“I understand your concerns. I’m willing to listen to any alternative plans you come up with to satisfy DNR’s requirements,” supervisor Doug Dabroski said. “DNR doesn’t care how it’s done.”
Miller agreed. “You’re going to have to come up with some numbers,” she said. “Can the community come together to come up with local funding? Come up with a plan to present to the board, and I’d take a look at it.”
Miller gestured to the board “Would you?” The three supervisors nodded.
“But you know we can’t?” someone in the audience called out.
“It doesn’t look good,” Miller said.
Helmrichs reminded the citizens present that they had until 4:30 p.m. on Friday to vote on either of the presented options or to write in their own.
“If the lagoon is voted in, is that the direction we are going?” Goedken asked.
“We’d take into consideration the number of ballots that come in,” Helmrichs said. “We ask that you turn your ballots in. If you can’t vote for either, write your option in. We’ll meet again on the 14th after the ballots come in and announce the results on that day, and set up another meeting. April 4 I want to see a plan back from you. I would ask you to do your homework. We need to keep this moving ahead. Dec. 31 is going to come real quickly.”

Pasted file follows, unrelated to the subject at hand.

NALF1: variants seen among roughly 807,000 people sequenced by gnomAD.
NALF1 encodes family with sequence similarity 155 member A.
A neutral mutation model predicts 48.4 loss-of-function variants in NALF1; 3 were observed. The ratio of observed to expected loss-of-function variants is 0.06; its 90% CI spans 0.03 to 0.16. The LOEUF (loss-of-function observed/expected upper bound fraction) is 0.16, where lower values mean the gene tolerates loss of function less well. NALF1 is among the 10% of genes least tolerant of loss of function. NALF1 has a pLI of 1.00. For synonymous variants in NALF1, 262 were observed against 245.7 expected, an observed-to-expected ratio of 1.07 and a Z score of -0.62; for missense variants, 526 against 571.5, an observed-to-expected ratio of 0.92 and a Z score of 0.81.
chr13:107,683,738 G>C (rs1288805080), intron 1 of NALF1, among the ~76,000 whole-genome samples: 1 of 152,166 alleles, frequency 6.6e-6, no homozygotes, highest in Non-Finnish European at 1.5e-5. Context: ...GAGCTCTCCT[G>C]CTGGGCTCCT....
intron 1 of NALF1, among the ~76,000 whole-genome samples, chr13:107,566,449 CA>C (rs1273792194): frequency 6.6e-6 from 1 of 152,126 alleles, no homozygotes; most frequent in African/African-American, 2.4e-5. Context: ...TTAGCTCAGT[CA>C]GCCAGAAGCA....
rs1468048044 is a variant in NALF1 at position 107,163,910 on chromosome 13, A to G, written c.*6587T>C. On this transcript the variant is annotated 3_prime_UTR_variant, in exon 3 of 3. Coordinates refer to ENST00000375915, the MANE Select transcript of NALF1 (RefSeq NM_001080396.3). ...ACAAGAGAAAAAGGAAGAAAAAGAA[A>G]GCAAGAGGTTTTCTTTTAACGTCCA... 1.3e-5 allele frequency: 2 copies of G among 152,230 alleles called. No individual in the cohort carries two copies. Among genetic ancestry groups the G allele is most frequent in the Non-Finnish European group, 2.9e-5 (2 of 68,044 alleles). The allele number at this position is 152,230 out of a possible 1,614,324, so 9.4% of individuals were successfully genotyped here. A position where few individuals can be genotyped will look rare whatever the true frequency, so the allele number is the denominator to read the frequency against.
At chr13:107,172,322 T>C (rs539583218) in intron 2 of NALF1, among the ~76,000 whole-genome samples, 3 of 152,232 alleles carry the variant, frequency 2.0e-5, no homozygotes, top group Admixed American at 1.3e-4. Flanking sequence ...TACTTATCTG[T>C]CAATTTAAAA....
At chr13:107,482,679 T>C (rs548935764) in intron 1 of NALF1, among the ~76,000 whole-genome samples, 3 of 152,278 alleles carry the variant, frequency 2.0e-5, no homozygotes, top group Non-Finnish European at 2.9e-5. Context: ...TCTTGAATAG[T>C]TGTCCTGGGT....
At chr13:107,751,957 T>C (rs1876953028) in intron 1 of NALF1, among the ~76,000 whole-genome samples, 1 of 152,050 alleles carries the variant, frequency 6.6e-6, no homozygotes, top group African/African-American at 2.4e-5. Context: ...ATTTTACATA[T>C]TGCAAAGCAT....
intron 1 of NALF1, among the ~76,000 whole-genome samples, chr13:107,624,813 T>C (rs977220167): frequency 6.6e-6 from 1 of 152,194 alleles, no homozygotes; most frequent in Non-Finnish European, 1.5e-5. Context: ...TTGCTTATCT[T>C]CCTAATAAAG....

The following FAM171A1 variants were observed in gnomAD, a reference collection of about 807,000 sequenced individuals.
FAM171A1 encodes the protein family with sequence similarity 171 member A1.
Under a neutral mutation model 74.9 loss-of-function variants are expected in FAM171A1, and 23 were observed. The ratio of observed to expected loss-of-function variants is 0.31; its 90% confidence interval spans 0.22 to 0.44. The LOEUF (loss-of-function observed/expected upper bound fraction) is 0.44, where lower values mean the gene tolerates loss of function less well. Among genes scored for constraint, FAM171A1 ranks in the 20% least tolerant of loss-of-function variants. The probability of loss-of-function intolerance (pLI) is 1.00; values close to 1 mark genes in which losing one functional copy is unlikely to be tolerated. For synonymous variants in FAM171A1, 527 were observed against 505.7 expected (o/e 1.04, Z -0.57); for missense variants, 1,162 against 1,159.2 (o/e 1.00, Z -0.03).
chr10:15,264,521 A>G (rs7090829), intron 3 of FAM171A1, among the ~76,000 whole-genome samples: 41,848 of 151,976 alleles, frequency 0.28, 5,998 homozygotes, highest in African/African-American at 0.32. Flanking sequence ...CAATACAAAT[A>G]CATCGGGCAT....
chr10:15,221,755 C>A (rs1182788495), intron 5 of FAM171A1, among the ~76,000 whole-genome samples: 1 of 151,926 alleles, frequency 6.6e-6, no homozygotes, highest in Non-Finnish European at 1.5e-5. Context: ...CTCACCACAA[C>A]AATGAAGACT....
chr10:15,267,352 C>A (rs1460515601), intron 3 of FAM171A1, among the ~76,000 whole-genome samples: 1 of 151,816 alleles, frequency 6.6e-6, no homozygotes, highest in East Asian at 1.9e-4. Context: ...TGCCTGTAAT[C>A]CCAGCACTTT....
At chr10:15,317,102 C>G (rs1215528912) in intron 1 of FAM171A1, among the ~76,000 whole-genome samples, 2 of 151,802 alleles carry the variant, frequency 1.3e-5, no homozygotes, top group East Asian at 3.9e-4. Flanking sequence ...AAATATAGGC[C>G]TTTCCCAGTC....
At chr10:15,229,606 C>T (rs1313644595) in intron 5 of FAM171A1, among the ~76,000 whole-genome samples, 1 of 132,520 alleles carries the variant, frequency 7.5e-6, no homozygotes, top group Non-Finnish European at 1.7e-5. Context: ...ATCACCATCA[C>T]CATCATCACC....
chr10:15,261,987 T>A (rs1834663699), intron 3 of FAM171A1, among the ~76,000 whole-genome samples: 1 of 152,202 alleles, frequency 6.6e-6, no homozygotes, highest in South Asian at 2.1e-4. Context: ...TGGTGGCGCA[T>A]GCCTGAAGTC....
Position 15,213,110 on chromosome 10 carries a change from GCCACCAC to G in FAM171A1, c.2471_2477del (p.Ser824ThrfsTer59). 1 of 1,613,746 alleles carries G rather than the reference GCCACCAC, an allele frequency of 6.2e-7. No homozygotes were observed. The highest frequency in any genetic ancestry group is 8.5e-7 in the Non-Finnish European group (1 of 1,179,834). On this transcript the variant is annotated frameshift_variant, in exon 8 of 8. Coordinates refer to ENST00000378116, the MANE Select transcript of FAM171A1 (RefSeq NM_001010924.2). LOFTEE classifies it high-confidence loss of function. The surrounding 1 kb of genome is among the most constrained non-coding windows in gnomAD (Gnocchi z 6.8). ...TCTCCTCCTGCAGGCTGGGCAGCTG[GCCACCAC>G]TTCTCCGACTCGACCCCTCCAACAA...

In other news:
The Board approved an agreement to share case management work with Buchanan County. The agreement is for one year and can be terminated with 60 days notice. Delaware County will provide case management services to Buchanan County, billing them based on timesheet hours.
The Board approved a credit card with a $3,000 limit for the Lake Delhi recreational facility and water quality district board of trustees.
The Board approved an alarm monitoring agreement with HITECH Communications for panic buttons and fire alarms in several buildings at the same rate they were paying before: a service cost of $360 per year with $75 an hour for technicians during regular office hours and $125 an hour for technicians outside of office hours.